Admire the tall clock tower and cream-colored façade of St Stephen’s Church. Step inside to view exquisite stained glass and the colossal beams that were pulled here by elephants.
As you approach St Stephen’s Church it is impossible not to be drawn in by its magical, fairy-tale appearance. The church, built in 1829, sits at the end of a curved path beneath gently hanging trees. Its striking white exterior seems to have hardly aged.
Look up to the clock tower that reaches up from the main entrance. This is topped with four pointed spires that would not look out of place on a church in rural Britain. Although not small in stature, the church is dwarfed by the dense pine forest that engulfs the building on either side.
Make your way past the thick wooden door and into the central vault that is flooded with light by high arched windows. Possibly the most noticeable features of the interior are the huge beams along the ceiling. These are from the palace of Tipu Sultan and were dragged 75 miles (120 kilometers) by elephants to be fitted here.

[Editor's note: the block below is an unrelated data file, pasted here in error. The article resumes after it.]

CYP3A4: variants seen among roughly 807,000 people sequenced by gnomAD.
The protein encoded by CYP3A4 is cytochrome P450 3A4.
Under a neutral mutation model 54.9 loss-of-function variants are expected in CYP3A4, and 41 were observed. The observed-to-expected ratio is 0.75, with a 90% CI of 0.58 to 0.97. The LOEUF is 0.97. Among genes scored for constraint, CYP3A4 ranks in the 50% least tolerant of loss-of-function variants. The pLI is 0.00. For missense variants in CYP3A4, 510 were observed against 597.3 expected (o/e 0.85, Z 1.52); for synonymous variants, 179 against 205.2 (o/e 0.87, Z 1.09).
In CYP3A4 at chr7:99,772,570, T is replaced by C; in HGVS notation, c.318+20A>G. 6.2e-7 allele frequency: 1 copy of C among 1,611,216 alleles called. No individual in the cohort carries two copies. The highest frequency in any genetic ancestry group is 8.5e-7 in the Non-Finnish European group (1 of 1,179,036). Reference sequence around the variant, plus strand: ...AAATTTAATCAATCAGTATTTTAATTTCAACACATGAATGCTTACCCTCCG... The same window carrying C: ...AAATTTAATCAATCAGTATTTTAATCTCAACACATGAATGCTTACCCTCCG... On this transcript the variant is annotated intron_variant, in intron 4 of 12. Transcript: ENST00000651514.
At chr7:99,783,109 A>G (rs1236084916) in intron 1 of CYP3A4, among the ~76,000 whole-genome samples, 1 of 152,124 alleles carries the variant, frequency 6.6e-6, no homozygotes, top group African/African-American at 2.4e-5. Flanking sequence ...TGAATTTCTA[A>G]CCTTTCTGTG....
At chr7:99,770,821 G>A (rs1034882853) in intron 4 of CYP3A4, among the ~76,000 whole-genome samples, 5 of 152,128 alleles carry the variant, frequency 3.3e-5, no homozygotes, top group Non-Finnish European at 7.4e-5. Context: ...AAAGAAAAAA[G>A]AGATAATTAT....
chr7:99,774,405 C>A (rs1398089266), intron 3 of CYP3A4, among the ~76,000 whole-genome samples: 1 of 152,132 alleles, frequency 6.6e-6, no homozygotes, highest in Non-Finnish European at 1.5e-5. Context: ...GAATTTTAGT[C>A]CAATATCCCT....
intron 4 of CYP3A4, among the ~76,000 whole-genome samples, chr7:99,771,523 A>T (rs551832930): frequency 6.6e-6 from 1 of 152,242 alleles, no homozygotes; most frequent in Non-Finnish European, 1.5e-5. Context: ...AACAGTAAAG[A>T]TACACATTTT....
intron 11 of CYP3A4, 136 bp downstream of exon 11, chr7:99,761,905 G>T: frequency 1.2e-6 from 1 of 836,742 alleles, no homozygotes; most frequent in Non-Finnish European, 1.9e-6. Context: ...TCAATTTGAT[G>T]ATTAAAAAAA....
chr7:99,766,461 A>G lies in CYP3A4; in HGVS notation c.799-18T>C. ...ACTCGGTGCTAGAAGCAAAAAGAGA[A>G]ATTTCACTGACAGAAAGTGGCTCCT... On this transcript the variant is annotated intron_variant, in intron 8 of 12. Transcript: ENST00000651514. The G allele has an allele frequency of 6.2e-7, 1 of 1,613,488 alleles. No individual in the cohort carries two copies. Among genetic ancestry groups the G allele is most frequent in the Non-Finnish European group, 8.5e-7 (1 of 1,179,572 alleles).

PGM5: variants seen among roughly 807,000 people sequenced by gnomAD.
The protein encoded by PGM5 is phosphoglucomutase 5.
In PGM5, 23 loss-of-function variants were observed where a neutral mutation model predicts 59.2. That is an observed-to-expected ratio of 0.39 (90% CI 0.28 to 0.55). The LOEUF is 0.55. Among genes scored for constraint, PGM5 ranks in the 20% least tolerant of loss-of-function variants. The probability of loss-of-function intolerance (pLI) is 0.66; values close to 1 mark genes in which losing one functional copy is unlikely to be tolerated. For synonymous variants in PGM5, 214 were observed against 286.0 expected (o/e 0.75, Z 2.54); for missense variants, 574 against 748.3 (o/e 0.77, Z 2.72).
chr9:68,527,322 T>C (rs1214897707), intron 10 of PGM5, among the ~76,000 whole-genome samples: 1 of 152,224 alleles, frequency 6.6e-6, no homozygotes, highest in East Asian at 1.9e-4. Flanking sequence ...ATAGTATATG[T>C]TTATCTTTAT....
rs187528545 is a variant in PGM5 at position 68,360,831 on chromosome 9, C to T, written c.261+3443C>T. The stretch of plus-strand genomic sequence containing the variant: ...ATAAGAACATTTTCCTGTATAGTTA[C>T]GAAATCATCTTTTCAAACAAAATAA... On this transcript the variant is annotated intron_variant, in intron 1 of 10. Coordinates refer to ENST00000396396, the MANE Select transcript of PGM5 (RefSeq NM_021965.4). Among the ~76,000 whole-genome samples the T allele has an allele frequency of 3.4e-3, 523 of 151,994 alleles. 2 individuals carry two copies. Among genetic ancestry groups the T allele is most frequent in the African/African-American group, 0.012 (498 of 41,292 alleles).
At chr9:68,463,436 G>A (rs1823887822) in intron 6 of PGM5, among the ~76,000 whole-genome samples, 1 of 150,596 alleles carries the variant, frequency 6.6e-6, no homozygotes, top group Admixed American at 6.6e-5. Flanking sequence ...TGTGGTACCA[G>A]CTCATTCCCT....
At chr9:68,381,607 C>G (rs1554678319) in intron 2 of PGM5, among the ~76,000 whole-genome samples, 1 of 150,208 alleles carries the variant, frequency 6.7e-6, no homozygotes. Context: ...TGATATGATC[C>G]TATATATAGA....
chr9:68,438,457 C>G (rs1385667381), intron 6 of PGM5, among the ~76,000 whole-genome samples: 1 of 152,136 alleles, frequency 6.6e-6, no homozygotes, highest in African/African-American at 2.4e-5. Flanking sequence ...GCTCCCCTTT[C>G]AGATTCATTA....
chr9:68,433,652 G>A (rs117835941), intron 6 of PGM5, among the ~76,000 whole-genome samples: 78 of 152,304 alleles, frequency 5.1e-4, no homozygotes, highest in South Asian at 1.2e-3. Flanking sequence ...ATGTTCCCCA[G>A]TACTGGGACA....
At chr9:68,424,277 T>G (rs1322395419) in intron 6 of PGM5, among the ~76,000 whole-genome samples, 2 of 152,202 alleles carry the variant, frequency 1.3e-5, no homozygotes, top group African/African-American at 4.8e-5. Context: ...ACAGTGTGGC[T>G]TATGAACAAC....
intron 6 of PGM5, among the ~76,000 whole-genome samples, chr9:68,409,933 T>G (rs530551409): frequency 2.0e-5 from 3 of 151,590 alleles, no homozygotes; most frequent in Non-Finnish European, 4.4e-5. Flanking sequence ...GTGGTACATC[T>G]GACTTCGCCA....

The whole church is lit up by numerous stained-glass windows however, some of the most impressive examples are displayed at ground level. Look for depictions of the Crucifixion and Last Supper as well as an image of Jesus being cradled in the arms of Mary. Back outside you will find a small overgrown cemetery that has headstones that remember many of the city’s colonial residents.
St Stephen’s Church is a short stroll from the center of Ooty. It is open every day and there is no admission charge. Services are held twice throughout the morning on Sundays.